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Los hijos del capitán Grant I de Jules…
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Los hijos del capitán Grant I (original: 1878; edição: 2014)

de Jules Verne, Édouard Riou

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A message in a bottle launches a quest for the recovery of shipwrecked crew in this Jules Verne classic--now with an arresting new look! When Lord and Lady Glenarvan catch a shark during a sailing trip, they are surprised to find a message in a bottle within its belly, sent by Captain Grant of the shipwrecked Britannia. Unfortunately, the water-damaged note is mostly unreadable, giving any would-be rescuers only a latitude and no longitude to work with. Eager to help the castaways, the couple urges the British government to launch a rescue expedition but are refused. So they take it upon themselves to search for Grant with the help of Mary and Robert--Captain Grant's children--and the crew of the Duncan. Thus, the group sets off, determined to find the shipwrecked crew, even if it means sailing across the entire thirty-seventh latitude--and facing whatever dangers lie in their path.… (mais)
Membro:Meriwelfix
Título:Los hijos del capitán Grant I
Autores:Jules Verne
Outros autores:Édouard Riou
Informação:[Barcelona] RBA Coleccionables D.L. 2014
Coleções:Sua biblioteca, Para ler
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Les enfants du Capitaine Grant de Jules Verne (1878)

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This is the fifth of the Voyages Extraordinaires and the longest one so far, being the first triple-volume novel in the series. (This whole novel, complete, is a bit longer than The Fellowship of the Ring, the first book in the Lord of the Rings trilogy.) I read an unabridged Spanish translation, but the English versions I see in Project Gutenberg are abridged. My review applies to the unabridged version.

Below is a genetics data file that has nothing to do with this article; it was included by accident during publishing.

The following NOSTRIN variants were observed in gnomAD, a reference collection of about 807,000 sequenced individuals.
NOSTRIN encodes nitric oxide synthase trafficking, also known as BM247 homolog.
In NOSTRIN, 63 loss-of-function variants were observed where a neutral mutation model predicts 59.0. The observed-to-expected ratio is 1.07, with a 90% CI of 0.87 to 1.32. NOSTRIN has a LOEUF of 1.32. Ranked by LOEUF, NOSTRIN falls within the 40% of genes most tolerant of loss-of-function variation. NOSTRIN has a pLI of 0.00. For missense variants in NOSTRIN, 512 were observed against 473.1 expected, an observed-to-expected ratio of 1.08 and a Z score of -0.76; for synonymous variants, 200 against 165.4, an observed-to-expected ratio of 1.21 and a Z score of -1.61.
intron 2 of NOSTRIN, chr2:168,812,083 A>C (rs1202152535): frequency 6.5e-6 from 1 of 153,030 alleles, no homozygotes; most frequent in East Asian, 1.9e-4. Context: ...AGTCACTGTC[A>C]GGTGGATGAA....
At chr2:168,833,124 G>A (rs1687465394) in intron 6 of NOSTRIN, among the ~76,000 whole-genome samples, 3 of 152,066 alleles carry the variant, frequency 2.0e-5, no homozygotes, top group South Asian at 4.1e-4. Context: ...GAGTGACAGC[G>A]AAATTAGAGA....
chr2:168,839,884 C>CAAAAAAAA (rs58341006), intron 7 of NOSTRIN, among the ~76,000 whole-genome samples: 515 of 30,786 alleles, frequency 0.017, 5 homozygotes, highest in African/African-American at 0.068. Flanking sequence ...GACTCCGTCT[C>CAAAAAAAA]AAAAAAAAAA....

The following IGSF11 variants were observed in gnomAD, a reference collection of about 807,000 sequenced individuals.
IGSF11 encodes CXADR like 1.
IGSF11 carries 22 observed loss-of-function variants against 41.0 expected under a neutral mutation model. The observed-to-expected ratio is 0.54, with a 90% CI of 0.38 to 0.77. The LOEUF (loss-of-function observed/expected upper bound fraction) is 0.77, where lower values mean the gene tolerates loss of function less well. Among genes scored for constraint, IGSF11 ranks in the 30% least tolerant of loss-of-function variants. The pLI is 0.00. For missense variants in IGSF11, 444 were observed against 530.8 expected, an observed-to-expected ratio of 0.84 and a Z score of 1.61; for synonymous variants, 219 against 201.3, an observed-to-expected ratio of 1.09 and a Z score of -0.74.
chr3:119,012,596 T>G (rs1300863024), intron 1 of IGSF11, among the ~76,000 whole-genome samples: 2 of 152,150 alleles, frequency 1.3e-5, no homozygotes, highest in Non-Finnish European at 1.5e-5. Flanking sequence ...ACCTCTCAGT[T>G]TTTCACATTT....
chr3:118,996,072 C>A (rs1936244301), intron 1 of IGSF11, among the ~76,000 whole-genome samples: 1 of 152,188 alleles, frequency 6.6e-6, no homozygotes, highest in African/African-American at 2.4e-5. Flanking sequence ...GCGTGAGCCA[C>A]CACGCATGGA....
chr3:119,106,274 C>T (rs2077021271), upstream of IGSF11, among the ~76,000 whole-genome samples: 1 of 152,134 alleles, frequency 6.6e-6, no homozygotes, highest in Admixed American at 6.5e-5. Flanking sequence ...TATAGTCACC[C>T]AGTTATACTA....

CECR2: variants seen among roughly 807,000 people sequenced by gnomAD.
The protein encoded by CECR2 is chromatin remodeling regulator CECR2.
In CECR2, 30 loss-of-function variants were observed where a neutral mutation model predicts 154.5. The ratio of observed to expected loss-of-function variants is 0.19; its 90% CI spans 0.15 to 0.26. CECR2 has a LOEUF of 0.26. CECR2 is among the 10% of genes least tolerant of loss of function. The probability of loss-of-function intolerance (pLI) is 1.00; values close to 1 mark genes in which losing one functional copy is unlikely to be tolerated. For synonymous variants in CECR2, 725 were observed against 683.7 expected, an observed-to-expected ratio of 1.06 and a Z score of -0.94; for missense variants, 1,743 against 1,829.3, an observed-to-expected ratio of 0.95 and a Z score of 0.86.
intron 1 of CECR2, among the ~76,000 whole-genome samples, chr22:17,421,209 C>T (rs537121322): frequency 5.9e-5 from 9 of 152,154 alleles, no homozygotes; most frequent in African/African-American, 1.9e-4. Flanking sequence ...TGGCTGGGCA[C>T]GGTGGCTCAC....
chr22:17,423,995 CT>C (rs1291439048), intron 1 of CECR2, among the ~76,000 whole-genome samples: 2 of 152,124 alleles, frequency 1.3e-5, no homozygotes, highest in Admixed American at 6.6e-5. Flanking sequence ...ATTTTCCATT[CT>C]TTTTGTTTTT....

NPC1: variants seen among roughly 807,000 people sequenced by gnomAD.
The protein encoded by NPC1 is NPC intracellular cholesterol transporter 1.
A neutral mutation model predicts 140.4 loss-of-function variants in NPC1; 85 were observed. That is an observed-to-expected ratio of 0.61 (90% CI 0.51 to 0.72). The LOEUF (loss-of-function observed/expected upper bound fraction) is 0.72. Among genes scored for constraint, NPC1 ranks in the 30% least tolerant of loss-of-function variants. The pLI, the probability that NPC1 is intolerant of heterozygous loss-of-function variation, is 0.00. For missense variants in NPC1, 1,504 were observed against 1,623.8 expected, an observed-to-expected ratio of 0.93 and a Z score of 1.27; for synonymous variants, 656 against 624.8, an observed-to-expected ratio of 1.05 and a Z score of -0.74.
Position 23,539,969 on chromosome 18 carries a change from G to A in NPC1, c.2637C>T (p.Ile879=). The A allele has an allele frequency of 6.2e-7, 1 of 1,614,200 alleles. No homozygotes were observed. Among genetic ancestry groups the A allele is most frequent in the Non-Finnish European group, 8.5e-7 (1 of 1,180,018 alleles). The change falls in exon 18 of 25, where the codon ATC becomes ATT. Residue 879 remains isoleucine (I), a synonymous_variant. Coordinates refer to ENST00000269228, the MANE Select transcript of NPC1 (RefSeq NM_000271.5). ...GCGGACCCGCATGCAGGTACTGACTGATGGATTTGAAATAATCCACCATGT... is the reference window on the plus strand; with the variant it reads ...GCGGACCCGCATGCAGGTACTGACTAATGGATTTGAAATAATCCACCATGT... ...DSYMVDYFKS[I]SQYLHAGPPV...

Anyway, this is another straightforward adventure story, with fewer speculative elements than any of the previous ones. Even Captain Hatteras, another adventure tale, involved the exploration of polar regions that were unknown at the time. This one is also an exploration story, but through parts of the world that, while faraway, were not completely unknown in the 1860s. So, the point here is not geographical discovery, but finding a missing person.


What is it about? (from wikipedia): The book tells the story of the quest for Captain Grant of the Britannia. After finding a message inside a bottle that Captain Grant had cast into the ocean after his ship was shipwrecked, Lord and Lady Glenarvan of Scotland contact Mary and Robert, the young daughter and son of Captain Grant, through an announcement in a newspaper. The government refuses to launch a rescue expedition, but Lord and Lady Glenarvan, moved by the children's plight, decide to do it by themselves. The main difficulty is that the message is deteriorated and only a few words can be made out. The latitude of the wreckage can be read (37 degrees 11” South), but the longitude is unknown. Only by trying to interpret the few remaining word fragments can the rescuers decide where to search.


I was a bit worried coming into this novel because it's longer than the previous ones and the reviews were mixed. And it does have some problems, but many more things to enjoy. Let's explore the pros and cons...

By now, Verne's style is clear. He tells adventure stories but spiced up with educative explanations. In this case we have an exploration novel, but combined with geographical and anthropological asides. This bothers some readers, because the conventional wisdom is that "info-dumps" should always be avoided, but if you want to enjoy Verne you should change the chip and embrace them, since they are an integral part of his style. There will usually be a character who is a scholar and can tell the other characters about the lands they are traveling through or any relevant scientific knowledge. And it gives the stories a bit more depth than a simple action tale would have.

The novel is divided in three volumes subtitled South America, Australia, and New Zealand. Together they tell a single story, but it's a natural way to divide it, because each volume involves the search in a different part of the world, as the interpretation that the searchers make of the message changes.

To begin with, I enjoyed the device Verne uses to motivate the characters. The message in a bottle found inside a shark, which is so deteriorated that it's not really clear where the shipwrecked captain might be, is a great starting point for such an epic adventure, giving the characters a goal and allowing for the exploration of very different regions. And this book is really epic. All the effort, dangers and adventures these characters go through in their seemingly hopeless attempt to find the elusive captain are really impressive.